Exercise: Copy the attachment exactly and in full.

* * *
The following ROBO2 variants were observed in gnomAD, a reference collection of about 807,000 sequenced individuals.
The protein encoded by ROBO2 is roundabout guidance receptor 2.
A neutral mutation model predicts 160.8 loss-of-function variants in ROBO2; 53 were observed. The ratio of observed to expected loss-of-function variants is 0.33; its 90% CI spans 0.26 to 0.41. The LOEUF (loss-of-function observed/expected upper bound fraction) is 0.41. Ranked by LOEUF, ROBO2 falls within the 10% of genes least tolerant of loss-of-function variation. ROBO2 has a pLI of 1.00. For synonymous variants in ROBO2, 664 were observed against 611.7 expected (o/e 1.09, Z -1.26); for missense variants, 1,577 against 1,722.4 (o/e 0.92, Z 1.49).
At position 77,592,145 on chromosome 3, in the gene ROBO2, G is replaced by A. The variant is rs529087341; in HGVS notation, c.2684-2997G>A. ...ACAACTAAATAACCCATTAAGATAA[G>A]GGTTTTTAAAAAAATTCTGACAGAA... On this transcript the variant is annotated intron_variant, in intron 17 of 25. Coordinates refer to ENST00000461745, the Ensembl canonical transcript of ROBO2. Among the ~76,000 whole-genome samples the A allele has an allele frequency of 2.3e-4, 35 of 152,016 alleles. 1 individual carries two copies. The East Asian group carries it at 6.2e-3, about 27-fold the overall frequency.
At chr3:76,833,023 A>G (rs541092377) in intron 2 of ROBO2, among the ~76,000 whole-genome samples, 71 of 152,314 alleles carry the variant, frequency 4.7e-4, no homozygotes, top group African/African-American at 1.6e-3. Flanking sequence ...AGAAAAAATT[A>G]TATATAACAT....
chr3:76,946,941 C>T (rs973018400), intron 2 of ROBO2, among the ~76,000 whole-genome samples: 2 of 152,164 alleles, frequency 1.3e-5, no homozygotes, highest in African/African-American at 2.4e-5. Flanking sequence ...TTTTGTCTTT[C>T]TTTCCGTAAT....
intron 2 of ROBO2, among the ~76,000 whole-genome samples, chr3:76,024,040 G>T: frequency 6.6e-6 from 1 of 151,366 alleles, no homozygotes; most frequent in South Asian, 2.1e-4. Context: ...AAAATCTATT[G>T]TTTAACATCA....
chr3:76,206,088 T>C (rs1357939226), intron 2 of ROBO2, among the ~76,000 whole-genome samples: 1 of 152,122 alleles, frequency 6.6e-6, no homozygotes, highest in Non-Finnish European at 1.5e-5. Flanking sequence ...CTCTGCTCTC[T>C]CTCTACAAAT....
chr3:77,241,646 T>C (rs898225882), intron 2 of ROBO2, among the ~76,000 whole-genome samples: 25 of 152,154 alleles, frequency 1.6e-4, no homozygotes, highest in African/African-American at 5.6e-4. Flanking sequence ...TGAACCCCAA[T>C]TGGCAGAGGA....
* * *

The following ROBO2 variants were observed in gnomAD, a reference collection of about 807,000 sequenced individuals.
The protein encoded by ROBO2 is roundabout guidance receptor 2.
A neutral mutation model predicts 160.8 loss-of-function variants in ROBO2; 53 were observed. The ratio of observed to expected loss-of-function variants is 0.33; its 90% CI spans 0.26 to 0.41. The LOEUF (loss-of-function observed/expected upper bound fraction) is 0.41. Ranked by LOEUF, ROBO2 falls within the 10% of genes least tolerant of loss-of-function variation. ROBO2 has a pLI of 1.00. For synonymous variants in ROBO2, 664 were observed against 611.7 expected (o/e 1.09, Z -1.26); for missense variants, 1,577 against 1,722.4 (o/e 0.92, Z 1.49).
At position 77,592,145 on chromosome 3, in the gene ROBO2, G is replaced by A. The variant is rs529087341; in HGVS notation, c.2684-2997G>A. ...ACAACTAAATAACCCATTAAGATAA[G>A]GGTTTTTAAAAAAATTCTGACAGAA... On this transcript the variant is annotated intron_variant, in intron 17 of 25. Coordinates refer to ENST00000461745, the Ensembl canonical transcript of ROBO2. Among the ~76,000 whole-genome samples the A allele has an allele frequency of 2.3e-4, 35 of 152,016 alleles. 1 individual carries two copies. The East Asian group carries it at 6.2e-3, about 27-fold the overall frequency.
At chr3:76,833,023 A>G (rs541092377) in intron 2 of ROBO2, among the ~76,000 whole-genome samples, 71 of 152,314 alleles carry the variant, frequency 4.7e-4, no homozygotes, top group African/African-American at 1.6e-3. Flanking sequence ...AGAAAAAATT[A>G]TATATAACAT....
chr3:76,946,941 C>T (rs973018400), intron 2 of ROBO2, among the ~76,000 whole-genome samples: 2 of 152,164 alleles, frequency 1.3e-5, no homozygotes, highest in African/African-American at 2.4e-5. Flanking sequence ...TTTTGTCTTT[C>T]TTTCCGTAAT....
intron 2 of ROBO2, among the ~76,000 whole-genome samples, chr3:76,024,040 G>T: frequency 6.6e-6 from 1 of 151,366 alleles, no homozygotes; most frequent in South Asian, 2.1e-4. Context: ...AAAATCTATT[G>T]TTTAACATCA....
chr3:76,206,088 T>C (rs1357939226), intron 2 of ROBO2, among the ~76,000 whole-genome samples: 1 of 152,122 alleles, frequency 6.6e-6, no homozygotes, highest in Non-Finnish European at 1.5e-5. Flanking sequence ...CTCTGCTCTC[T>C]CTCTACAAAT....
chr3:77,241,646 T>C (rs898225882), intron 2 of ROBO2, among the ~76,000 whole-genome samples: 25 of 152,154 alleles, frequency 1.6e-4, no homozygotes, highest in African/African-American at 5.6e-4. Flanking sequence ...TGAACCCCAA[T>C]TGGCAGAGGA....